“Congress shall make no law respecting an establishment of religion, or prohibiting the free exercise thereof; or abridging the freedom of speech, or of the press; or the right of the people peaceably to assemble, and to petition the government for a redress of grievances.”
— The First Amendment to the U.S. Constitution
Only 88 words, but brief enough to hold the attention span of busy people as well as challenged people, or for that matter both. Let’s say someone like Senate Majority Leader Harry Reid. Clearly, Sen. Reid is busy. Once you add all those Capitol Hill social events to his regular duties representing the good people of Nevada, as well as herding his fellow senators into some sort of pack, he likely has little time for anything else — such as reading the Bill of Rights.
Maybe the only debatable questions about his challenges are the types of trials he has. He seems intellectually OK, but he is clearly either morally or ethically in the red. Sen. Reid is battling for his Senate seat against a right-wing Republican, Sharron Angle. And last week she held Reid’s feet to the fire on whether there should be a mosque built within blocks of where the 9-11 terrorist attacks took place in Manhattan.
In a prepared statement that belies the oath Reid took when he swore “to defend the Constitution” — including its amendments — Reid said that he “thinks that the mosque should be built someplace else.”
The Senate majority leader is bowing to conservative racist sentiment to shore up enough support to win re-election. Despicable!
Really, it’s not surprising that FOX network’s Bill O’Reilly dug up Raheel Raza, a member of the Muslim Canadian Congress, to say the mosque shouldn’t be built.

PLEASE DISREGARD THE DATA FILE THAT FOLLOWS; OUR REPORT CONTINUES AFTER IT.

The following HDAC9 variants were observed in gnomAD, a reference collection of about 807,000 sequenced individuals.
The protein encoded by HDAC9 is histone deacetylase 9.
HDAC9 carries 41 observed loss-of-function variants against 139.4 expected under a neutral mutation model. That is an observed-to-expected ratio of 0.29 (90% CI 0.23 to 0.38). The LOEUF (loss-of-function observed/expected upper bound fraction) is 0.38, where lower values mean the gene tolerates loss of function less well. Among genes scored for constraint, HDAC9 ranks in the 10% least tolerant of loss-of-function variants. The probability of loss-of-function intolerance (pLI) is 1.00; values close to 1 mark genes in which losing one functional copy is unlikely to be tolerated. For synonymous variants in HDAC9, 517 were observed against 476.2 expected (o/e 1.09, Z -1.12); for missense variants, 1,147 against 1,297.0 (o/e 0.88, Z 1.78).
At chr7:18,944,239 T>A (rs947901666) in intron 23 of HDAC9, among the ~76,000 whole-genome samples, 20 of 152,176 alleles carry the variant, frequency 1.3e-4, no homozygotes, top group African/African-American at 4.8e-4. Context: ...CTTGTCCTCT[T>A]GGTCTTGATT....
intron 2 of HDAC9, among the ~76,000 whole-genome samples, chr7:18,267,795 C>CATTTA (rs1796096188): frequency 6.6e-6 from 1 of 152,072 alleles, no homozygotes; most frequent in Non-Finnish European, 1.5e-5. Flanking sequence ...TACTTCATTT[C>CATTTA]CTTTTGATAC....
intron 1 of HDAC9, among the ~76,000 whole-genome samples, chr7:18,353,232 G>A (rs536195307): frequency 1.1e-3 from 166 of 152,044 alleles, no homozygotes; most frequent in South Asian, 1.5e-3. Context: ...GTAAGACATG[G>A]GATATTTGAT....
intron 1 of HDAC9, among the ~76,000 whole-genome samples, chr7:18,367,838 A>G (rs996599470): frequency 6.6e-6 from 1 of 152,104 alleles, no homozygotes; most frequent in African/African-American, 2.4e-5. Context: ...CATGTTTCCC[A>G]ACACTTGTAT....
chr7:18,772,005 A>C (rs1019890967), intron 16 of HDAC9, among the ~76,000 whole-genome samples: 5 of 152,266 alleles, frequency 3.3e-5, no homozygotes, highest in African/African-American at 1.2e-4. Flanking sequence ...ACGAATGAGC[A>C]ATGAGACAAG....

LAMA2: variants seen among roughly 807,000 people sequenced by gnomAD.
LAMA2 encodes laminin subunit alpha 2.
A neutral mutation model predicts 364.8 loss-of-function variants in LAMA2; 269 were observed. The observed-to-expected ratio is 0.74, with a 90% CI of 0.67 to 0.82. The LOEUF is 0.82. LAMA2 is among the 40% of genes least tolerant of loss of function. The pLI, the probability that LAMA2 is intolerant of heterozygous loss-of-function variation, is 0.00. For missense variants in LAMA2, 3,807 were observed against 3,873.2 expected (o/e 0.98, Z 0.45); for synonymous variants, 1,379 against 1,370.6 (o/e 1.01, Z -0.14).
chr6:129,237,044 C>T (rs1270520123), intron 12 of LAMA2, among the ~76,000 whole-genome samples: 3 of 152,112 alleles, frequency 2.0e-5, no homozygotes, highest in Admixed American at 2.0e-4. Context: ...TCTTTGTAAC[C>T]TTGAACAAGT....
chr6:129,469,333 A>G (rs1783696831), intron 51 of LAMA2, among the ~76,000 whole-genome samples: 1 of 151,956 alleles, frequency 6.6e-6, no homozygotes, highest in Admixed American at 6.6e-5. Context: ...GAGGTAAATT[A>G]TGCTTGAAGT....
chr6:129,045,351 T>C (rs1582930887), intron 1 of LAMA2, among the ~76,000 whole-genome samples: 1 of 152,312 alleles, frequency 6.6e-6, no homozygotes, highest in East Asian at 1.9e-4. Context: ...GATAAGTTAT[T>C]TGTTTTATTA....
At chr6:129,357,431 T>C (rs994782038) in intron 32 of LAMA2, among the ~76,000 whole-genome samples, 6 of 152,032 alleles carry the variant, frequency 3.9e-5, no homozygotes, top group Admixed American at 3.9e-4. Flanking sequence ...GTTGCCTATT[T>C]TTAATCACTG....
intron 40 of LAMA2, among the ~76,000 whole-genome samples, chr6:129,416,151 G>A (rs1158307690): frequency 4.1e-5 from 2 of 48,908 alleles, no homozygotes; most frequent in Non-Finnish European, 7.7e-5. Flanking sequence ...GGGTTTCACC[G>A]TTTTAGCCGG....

It is comical, though, that Bill O is deferring to Canadians to help with decision-making here in the U.S. I can’t wait until we revisit health care, and he runs to Canada for advice then. We might actually get a decent medical delivery system.
But let’s face it, Bill O is an opportunist and will turn to Canada for authoritative support only when it suits his purposes. His only job is to advance the agenda of the big shots that pay his salary. He is not an elected official sworn to defend our Constitution and the rights it guarantees to all Americans.
A U.S. senator is different. His or her job is to take whatever flak he or she must — no matter how politically precarious — in order to secure the liberties and freedoms of even the smallest minority.
But British humorist Alan Corenk’s opinion of our system of government is the way Reid behaves as Senate leader: “Democracy consists of choosing your dictators, after they’ve told you what you think it is you want to hear.”
So Reid parrots back to the electorate what he has read in the polling figures — that the majority of U.S. residents think the mosque doesn’t belong there — and he’s willing to sacrifice the liberties of the Muslims who live in New York City along with his own duties as senator.
Maybe a little history lesson would help the senator regain his moral compass.
New York City is a pretty important place, and certainly the financial district is key to many aspects of our worldly presence: But it isn’t the holy land by any stretch.
And when we look to the Holy Land — Jerusalem — we see a city where the blood of the innocents has been spilled for millennia by folks of differing religions who all now peacefully coexist within its walls.
Mosques, churches and synagogues are separated by mere feet in this city that has been home to all of Abraham’s religious descendents. And Jerusalem virtually always has existed with a theocratic government — they didn’t even have a secular government — with the exception of the days when the multitheistic Romans ruled the land.
I invite Sen. Reid and anyone else who opposes diversity of religious worship in our nation to fly to Jerusalem and walk from the Christian quarter where Christ was crucified over to the Wailing Wall where the Jews freely pray to the Dome of the Rock, which Muslims believe marks Muhammed’s ascension into heaven and find a more culturally alive place to live.
Pat LaMarche of Yarmouth is the author of “Left Out In America: The State of Homelessness in the United States.” She may be reached at PatLaMarche@ hotmail.com.